I wish I did not have to help run a set of errands when I visited Mandeville yesterday, as that would have allowed more exploring with questions than just my eyes. I try to take things in quickly.
The first thing I noticed, as usual, was the coolness. Leaving Kingston at 9am, the temperature was already 35 degrees C; arriving in Mandeville, it was 31. What a relief. The day also had hints of cloudiness, which darkened as the day went on. I prayed to see one drop of rain. Even though I thought it was cool, those living out in the countryside felt the heat, and stretched out on cardboard trying to nap and cool off.
The drought has hit this town just as in the city. But, sitting on the concrete step of a house outside Mandeville town, its effects seemed harsher. The ground was dry and dusty. Running water wasn’t available for everyone. Some hoped that a neighbour with a well or tank would take pity on them and give water. No guarantee. Alpart had built many houses in the area, and they all had big water tanks to catch rainwater. Many houses, also had modern black plastic tanks. Give thanks for tanks.
I’d brought some mangoes from my walk and they were received gladly. One had burst and become soft, so I readied to eat it myself. A jug of water came and I washed hand and mango together. The sweet fruit was nice to take the dustiness from my mouth. I threw the skin onto a pile of drying grass.
Chickens raced to peck at it. Waste not.
Those chickens were adults, but chicks that we want to raise can’t survive without water, and none meant that the little extra income selling them offered was gone, for the moment. But, a new ground had been prepared for sweet potatoes.
The yield looked good, judging by the bucketful that came to go into the car.
While chickens could not be raised, the need for the freezer was less, so it was turned off. That would calm the bill, and keep it around J$3,000 a month. Sounds little? Try that on no regular income. We suggested putting bag juice in the freezer and selling them for a little extra money. Maybe, but the shop up the road might still be preferred.
Children went off to have something to eat. It was well after noon, but the first meal was still not on the table. Such is life. I pondered my excessive eating on a few weeks of holiday. Really!
I’d brought some clothes I no longer wore–shirts and pants. They were well appreciated. Some bars of soap picked up from hotels, also went into the family stock. Thanks, again.
Bare feet kicked back and forth over dry red dirt.
The mining industry had brought many services and a better way of life. But, bauxite mining was done. Yet, the town is not falling to its knees. Money is around. I saw a new set of town houses going up, next to a block that had been started but never finished.
Doors close, doors open. A man cleared his yard of dry and dying plants. The paint on the house was impeccable, across the road, likewise, and a new colour too. Many people here have foreign income, mainly from time spent working abroad–England, Canada, Cayman Islands–and get protection and gains from the falling exchange rate. Some homes stand vacant, though looking spruce, their owners delayed abroad facing judgement for crimes that allowed them to build their mansions.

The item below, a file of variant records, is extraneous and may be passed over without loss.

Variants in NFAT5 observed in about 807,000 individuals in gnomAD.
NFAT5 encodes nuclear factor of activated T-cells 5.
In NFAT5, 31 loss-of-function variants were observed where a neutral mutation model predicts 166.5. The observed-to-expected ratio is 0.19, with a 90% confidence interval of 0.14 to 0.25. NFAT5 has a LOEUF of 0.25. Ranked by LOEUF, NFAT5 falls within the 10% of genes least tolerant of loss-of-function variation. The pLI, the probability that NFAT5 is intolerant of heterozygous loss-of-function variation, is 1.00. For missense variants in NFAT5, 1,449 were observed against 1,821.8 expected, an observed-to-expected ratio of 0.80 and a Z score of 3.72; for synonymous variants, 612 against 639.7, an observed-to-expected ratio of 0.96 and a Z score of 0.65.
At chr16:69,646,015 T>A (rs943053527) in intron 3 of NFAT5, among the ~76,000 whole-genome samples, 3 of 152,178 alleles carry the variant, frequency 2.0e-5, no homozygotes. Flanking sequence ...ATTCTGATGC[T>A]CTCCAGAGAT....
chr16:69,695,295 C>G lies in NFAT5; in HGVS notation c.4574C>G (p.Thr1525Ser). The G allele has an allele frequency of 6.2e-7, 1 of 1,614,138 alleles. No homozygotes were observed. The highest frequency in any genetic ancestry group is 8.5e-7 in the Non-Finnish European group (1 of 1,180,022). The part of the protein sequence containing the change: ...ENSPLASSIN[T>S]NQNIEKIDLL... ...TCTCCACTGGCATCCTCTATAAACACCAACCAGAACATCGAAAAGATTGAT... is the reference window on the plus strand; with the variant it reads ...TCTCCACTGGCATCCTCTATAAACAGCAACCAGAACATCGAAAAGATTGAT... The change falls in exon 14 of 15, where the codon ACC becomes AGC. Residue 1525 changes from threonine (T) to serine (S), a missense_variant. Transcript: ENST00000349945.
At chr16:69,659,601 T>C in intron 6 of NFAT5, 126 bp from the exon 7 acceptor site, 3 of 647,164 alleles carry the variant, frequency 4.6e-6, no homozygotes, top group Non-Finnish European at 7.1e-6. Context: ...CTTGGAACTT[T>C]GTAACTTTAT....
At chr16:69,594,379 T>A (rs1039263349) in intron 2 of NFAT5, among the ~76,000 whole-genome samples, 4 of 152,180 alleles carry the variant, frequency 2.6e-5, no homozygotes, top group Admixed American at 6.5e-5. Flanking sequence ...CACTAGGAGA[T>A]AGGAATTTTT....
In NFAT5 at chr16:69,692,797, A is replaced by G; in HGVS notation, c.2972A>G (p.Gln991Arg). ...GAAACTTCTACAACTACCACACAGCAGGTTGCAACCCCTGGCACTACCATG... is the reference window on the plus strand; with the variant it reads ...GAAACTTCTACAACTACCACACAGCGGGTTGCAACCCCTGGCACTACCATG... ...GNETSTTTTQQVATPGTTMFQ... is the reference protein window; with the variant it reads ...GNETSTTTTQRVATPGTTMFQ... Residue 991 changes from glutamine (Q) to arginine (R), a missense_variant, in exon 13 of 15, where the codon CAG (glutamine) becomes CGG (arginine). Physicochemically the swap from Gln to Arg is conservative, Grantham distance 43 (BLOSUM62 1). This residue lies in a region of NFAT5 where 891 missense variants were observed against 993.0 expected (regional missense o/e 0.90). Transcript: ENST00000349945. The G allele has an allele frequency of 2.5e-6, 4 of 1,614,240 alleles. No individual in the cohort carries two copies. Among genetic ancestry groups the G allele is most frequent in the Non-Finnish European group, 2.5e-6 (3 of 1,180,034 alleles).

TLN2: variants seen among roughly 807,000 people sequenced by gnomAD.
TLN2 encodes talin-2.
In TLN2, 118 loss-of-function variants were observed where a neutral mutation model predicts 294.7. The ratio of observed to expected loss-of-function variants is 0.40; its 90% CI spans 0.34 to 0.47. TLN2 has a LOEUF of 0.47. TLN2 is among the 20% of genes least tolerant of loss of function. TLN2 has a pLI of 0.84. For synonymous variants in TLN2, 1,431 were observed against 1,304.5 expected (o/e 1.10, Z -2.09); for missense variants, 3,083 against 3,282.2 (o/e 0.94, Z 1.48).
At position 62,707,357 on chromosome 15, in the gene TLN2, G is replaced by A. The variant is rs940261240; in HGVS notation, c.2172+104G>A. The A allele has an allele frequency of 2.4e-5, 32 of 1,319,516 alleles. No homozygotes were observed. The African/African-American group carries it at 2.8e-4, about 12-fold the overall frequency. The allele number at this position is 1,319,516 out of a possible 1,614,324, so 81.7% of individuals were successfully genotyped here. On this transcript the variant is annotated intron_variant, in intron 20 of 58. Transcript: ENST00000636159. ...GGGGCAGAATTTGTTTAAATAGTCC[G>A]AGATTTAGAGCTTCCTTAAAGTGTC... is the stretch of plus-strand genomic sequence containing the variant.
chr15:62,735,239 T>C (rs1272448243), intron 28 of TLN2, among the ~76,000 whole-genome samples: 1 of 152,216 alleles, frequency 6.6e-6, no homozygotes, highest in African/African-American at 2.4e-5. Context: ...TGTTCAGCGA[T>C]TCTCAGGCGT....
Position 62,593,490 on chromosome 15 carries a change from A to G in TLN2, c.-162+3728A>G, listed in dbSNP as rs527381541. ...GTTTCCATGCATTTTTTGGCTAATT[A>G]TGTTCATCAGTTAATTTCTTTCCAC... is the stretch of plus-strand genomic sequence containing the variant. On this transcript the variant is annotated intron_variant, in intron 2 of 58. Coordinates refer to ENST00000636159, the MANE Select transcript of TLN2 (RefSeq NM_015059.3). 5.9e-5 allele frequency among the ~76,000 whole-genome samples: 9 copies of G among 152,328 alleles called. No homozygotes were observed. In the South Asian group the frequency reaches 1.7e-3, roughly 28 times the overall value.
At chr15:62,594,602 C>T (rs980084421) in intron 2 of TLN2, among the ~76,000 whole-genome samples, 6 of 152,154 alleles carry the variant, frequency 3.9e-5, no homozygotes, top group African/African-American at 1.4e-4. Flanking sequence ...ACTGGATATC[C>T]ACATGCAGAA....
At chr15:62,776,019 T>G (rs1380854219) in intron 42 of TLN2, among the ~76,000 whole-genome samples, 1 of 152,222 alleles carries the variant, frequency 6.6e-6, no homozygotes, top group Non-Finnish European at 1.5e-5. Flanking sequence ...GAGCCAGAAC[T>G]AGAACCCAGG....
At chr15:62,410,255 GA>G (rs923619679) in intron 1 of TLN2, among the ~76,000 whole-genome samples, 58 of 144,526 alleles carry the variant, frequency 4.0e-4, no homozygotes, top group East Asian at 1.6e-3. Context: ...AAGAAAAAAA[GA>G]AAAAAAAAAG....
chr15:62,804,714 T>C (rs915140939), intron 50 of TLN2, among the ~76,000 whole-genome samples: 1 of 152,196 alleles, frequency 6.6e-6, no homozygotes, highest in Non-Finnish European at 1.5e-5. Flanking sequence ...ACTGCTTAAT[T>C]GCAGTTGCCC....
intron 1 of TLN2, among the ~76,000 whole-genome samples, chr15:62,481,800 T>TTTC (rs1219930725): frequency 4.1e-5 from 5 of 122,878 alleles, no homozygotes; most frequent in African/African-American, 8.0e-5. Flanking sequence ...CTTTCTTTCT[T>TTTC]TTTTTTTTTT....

But, they have mouths to feed. The hardware store was busy. Pipes to fix, at least, or just top-up cars to buy. The golf course was like a desert, brownish and crisp like toast. Not a soul in sight. Town was quiet too. The market still bustled but not so much. It was Thursday. When pay comes then things would pick up. Taxis hope for rides.
We stopped by the pharmacy before heading back to the furnace of Kingston. I spoke to the manager, a friend and keen observer of the Jamaican scene. He told me that I looked and sounded more Jamaican. I took the compliment as a sign of time well-spent over the year. We talked about the perennial problem: the conundrum of Jamaica. Our views differ in detail, though not much in direction.
Many people know what needs to be done, but have come to a deal: let’s not tamper too much with what gives us the lifestyle. Work just enough. Take few risks. Enjoy the time off and leisure opportunities. Yet, we knew that some people will scratch and try hard to do more than that, yet have little to show for it. Had Madame Lagarde come recently to see how Jamaica had been taking so much bitter medicine and no rioting? Maybe. Once she had a Red Stripe and some jerk chicken, she understood the coping mechanism.
He feels that most Jamaicans don’t want to know what’s going on. They are not like Bruce Golding, curious about why the police commissioner resigned: he’s gone, who’s next? They don’t have much interest in GDP. How could they, after nearly five decades of seeing it putter along at one percent a year? But, of course, that’s a lie: “Cecil, you checked if the barrel reach?” Don’t upset the apple cart.
We headed back to town. I listened to the radio. Reparations Committee discussing the billions of dollars that are due to slaves and their offspring. I was asked about getting a ship to go to Africa. I pressed the gas pedal. Minister Phillips is introducing harsher tax measures, in a country where only half of registered businesses are tax compliant. Fix the leaks, first? Lawyers and politicians railed about our constitutional rights being trampled. I thought about the tax scofflaws. Trampled? Perspective is all.
Arriving in Kingston, at nearly 6pm, the temperature was over 37.5. Yikes! It must have been a scorcher here. So, glad I took a day out in the coolness.